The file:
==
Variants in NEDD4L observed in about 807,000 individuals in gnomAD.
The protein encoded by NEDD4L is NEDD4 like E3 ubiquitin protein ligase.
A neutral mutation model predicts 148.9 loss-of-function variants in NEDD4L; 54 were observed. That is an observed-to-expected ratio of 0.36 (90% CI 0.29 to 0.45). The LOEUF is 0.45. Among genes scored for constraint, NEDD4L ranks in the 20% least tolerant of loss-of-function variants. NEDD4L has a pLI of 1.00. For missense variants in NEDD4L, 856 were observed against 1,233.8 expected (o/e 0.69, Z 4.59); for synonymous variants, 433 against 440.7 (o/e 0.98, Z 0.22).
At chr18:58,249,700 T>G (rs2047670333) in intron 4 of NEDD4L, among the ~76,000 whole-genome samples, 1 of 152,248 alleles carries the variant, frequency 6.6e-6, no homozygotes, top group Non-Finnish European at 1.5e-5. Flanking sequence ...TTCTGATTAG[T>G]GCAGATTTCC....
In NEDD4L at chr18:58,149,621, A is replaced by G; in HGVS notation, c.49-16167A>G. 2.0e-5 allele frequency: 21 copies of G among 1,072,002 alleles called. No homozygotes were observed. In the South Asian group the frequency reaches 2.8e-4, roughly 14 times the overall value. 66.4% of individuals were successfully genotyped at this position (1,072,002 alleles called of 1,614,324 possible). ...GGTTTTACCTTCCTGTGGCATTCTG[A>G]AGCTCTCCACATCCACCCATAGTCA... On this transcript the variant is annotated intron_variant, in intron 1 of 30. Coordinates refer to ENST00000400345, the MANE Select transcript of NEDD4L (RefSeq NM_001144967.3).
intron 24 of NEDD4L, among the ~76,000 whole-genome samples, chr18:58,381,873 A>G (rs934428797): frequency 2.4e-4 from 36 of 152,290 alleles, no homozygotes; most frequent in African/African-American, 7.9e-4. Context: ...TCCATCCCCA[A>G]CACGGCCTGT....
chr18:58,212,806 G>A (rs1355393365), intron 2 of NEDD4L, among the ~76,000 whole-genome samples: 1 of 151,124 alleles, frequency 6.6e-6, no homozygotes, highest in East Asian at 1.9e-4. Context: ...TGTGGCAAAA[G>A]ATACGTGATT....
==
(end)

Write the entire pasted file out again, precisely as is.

Variants in NEDD4L observed in about 807,000 individuals in gnomAD.
The protein encoded by NEDD4L is NEDD4 like E3 ubiquitin protein ligase.
A neutral mutation model predicts 148.9 loss-of-function variants in NEDD4L; 54 were observed. That is an observed-to-expected ratio of 0.36 (90% CI 0.29 to 0.45). The LOEUF is 0.45. Among genes scored for constraint, NEDD4L ranks in the 20% least tolerant of loss-of-function variants. NEDD4L has a pLI of 1.00. For missense variants in NEDD4L, 856 were observed against 1,233.8 expected (o/e 0.69, Z 4.59); for synonymous variants, 433 against 440.7 (o/e 0.98, Z 0.22).
At chr18:58,249,700 T>G (rs2047670333) in intron 4 of NEDD4L, among the ~76,000 whole-genome samples, 1 of 152,248 alleles carries the variant, frequency 6.6e-6, no homozygotes, top group Non-Finnish European at 1.5e-5. Flanking sequence ...TTCTGATTAG[T>G]GCAGATTTCC....
In NEDD4L at chr18:58,149,621, A is replaced by G; in HGVS notation, c.49-16167A>G. 2.0e-5 allele frequency: 21 copies of G among 1,072,002 alleles called. No homozygotes were observed. In the South Asian group the frequency reaches 2.8e-4, roughly 14 times the overall value. 66.4% of individuals were successfully genotyped at this position (1,072,002 alleles called of 1,614,324 possible). ...GGTTTTACCTTCCTGTGGCATTCTG[A>G]AGCTCTCCACATCCACCCATAGTCA... On this transcript the variant is annotated intron_variant, in intron 1 of 30. Coordinates refer to ENST00000400345, the MANE Select transcript of NEDD4L (RefSeq NM_001144967.3).
intron 24 of NEDD4L, among the ~76,000 whole-genome samples, chr18:58,381,873 A>G (rs934428797): frequency 2.4e-4 from 36 of 152,290 alleles, no homozygotes; most frequent in African/African-American, 7.9e-4. Context: ...TCCATCCCCA[A>G]CACGGCCTGT....
chr18:58,212,806 G>A (rs1355393365), intron 2 of NEDD4L, among the ~76,000 whole-genome samples: 1 of 151,124 alleles, frequency 6.6e-6, no homozygotes, highest in East Asian at 1.9e-4. Context: ...TGTGGCAAAA[G>A]ATACGTGATT....